How Providers & Patients Use Social Media [Infographic]

Social media helps bring people together. When it supports conversations that enhance doctor-patient relationships, that’s worth writing home about.

This week an infographic associated with a survey by Master of Health Administration degrees caught my attention. It illustrates the intersection between healthcare and social media, even the extent to which consumers trust doctors who share information via social media.

As expected, most healthcare-related conversations are about a worthy cause, or shared experiences. The infographic also indicates that 16% of conversations are reviews about doctors, treatments and medications, something I talked about in a previous post.

It’s very interesting to see a state-by-state breakdown, showing how hospitals and other healthcare brands use major social media platforms. For example Facebook marketing is used sparingly in the South except in Texas and Florida. New York, California, Florida and Texas represent the highest social media adaption rates among U.S. healthcare brands.

Of the top 5 healthcare centers that do social media right, I was surprised not to see Cleveland Clinic, which has almost 80,000 more Facebook fans than Mayo Clinic, and a ‘content hub‘ that was launched in March 2012, and one month later drew 16,000 visits without promotion.

Here are some more interesting statistics about healthcare and social media:

5 Content Marketing Tips to Reach Dis-Engaged Patients

Here’s something you don’t hear everyday – ‘Patient engagement is actually declining’.

According to a study by the Deloitte Center for Health Solutions:

  • One in three healthcare consumers are currently disengaged reporting less need for care, preventative action, interest in patient education resources, and financial preparation;
  • One in two follow a ‘passive patient’ approach relying on doctors for decisions, preferring standard care, and adhering to treatment;
  • Even those who are ‘online and onboard’ with innovative health technologies have increased only slightly from 15% in 2008 to 17% in 2012.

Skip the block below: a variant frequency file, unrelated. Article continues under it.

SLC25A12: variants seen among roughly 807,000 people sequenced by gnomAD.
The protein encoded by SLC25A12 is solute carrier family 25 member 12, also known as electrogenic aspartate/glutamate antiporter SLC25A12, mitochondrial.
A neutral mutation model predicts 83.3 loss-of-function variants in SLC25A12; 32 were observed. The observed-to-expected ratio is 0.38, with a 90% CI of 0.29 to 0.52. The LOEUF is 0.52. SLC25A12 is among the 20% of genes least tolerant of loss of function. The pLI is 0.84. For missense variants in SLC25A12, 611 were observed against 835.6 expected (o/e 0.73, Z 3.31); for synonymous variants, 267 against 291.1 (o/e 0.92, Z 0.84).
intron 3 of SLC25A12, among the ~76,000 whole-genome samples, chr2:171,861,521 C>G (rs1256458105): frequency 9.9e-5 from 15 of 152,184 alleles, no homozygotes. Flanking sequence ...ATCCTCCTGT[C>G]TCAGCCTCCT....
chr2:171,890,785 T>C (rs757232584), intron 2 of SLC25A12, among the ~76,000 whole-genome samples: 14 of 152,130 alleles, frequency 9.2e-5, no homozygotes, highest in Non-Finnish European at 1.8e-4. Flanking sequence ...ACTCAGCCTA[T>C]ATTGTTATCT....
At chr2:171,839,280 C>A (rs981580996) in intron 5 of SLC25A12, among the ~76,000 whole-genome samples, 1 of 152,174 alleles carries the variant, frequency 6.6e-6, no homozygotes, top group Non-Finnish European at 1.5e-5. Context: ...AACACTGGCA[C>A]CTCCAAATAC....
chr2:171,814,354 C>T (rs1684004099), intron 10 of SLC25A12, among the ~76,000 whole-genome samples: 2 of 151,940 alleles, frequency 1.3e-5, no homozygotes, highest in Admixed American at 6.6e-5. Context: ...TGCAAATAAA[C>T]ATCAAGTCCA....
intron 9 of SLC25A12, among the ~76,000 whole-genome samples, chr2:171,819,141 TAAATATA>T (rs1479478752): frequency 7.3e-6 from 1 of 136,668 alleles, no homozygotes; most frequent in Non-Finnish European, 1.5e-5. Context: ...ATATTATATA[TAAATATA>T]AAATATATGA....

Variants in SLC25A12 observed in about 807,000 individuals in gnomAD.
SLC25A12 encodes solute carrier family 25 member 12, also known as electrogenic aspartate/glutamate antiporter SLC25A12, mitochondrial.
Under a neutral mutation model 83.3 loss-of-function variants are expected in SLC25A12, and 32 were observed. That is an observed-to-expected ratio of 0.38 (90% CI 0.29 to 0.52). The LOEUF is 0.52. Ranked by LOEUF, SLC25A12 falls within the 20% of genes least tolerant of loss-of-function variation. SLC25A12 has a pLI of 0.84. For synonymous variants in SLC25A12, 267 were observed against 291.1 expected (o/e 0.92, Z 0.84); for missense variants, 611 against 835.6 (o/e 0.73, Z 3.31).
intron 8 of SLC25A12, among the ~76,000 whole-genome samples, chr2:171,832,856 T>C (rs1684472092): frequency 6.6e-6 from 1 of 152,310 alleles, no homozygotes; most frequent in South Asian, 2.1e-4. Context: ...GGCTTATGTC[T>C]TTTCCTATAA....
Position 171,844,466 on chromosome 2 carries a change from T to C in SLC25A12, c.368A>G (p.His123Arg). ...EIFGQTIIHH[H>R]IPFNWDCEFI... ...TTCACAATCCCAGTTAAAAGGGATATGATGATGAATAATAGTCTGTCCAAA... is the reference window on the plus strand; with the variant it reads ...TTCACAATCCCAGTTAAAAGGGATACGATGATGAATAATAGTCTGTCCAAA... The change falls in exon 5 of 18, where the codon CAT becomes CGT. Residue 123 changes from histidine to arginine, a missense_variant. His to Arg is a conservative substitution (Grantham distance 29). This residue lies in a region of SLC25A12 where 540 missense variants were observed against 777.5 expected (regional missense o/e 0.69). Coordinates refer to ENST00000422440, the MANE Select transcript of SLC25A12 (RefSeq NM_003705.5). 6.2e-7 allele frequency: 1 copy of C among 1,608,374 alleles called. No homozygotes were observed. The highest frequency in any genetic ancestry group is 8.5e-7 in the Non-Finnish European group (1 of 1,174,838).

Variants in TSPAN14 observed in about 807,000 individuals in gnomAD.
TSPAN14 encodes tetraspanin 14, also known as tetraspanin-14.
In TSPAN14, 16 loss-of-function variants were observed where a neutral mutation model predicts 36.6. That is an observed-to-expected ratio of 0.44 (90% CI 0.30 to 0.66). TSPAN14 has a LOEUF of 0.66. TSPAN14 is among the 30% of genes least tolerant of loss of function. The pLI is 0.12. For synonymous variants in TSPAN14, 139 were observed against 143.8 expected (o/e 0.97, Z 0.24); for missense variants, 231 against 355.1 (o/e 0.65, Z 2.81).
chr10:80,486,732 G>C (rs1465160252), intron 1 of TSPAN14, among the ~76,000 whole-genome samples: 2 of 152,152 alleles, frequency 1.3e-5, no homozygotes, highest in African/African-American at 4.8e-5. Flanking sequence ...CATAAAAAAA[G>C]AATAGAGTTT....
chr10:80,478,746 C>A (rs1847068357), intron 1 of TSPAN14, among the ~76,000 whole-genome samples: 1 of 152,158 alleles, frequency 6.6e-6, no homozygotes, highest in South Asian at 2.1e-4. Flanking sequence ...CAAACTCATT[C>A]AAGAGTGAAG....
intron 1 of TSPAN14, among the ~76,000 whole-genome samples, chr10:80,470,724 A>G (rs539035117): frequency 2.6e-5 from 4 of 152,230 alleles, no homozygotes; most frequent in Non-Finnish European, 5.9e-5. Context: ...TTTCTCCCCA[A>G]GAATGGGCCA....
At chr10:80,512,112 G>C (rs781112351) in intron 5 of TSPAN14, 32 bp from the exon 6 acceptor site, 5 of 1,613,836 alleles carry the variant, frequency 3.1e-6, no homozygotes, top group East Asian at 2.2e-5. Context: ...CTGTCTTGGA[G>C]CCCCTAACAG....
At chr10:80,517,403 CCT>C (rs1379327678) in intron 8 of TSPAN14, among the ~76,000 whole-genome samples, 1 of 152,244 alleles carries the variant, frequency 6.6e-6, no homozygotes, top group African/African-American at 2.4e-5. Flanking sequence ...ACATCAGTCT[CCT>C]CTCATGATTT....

Not Interested

The biggest challenge providers face might be trying to engage patients who aren’t necessarily interested in engagement. Think about the online content consumption habits of a ‘typical patient’:

  • They don’t tend to seek healthcare information unless they or someone they love is sick.
  • They’re not the only decision-makers in the game. Often times family or other care-givers are in charge particularly in the case of minors, senior citizens and those who aren’t capable of making serious medical decisions.
  • Even if they can make decisions for themselves, sometimes patients don’t have the ‘mind-set’ to engage with online healthcare content due to stress brought about by their illness or condition.

So what can providers do to tackle this challenge? Here are five content marketing tips to reach disengaged patients:

#1. Abandon the ‘one-size-fits-all’ approach

Providers need to realize there is no one-size-fits-all when it comes to engaging patients with online content. They should take into account different pain-points, preferences and lifestyles and then create content that is targeted to those different segments. Which means they have to…

#2. Build Patient Personas

Building patient personas is a laborious exercise but the rewards are unbeatable. The insights and level of understanding that comes with developing personas not only helps you create relevant content, but also develops trust as patients come to rely on you for helpful information. By then they’re ready for…

#3.  More not less content

Providing more content can actually help to ‘reach’ those who are disengaged particularly when content is focused on lifestyle issues. People tend to have a high regard for their personal lifestyles and so this is often a good place to start engagement particularly with those who are disinterested or passive.

Encourage patients to improve their habits and change behaviors that could lead to a better quality of life. But remember that real engagement might require some innovation such as…

#4. Different content formats

A blog is not the only way to engage patients. In fact the ‘online and onboard’ segment of consumers in the Deloitte study said they want websites that provide reliable information (think of research and data-driven narratives); price and quality information; video conferencing with doctors; self-monitoring devices that could send information electronically to their doctor; and health-improving tracking apps. All this means that providers must…

#5 Understand patient information needs

Not only should they understand what kind of information patients need, providers should also attempt to understand how patients act upon it. This way they can leverage online content and social media to educate, inform, and advise patients about additional resources to help them on their wellness journey.

Your Turn:

What did I miss? What do you think is the best way to reach disengaged patients?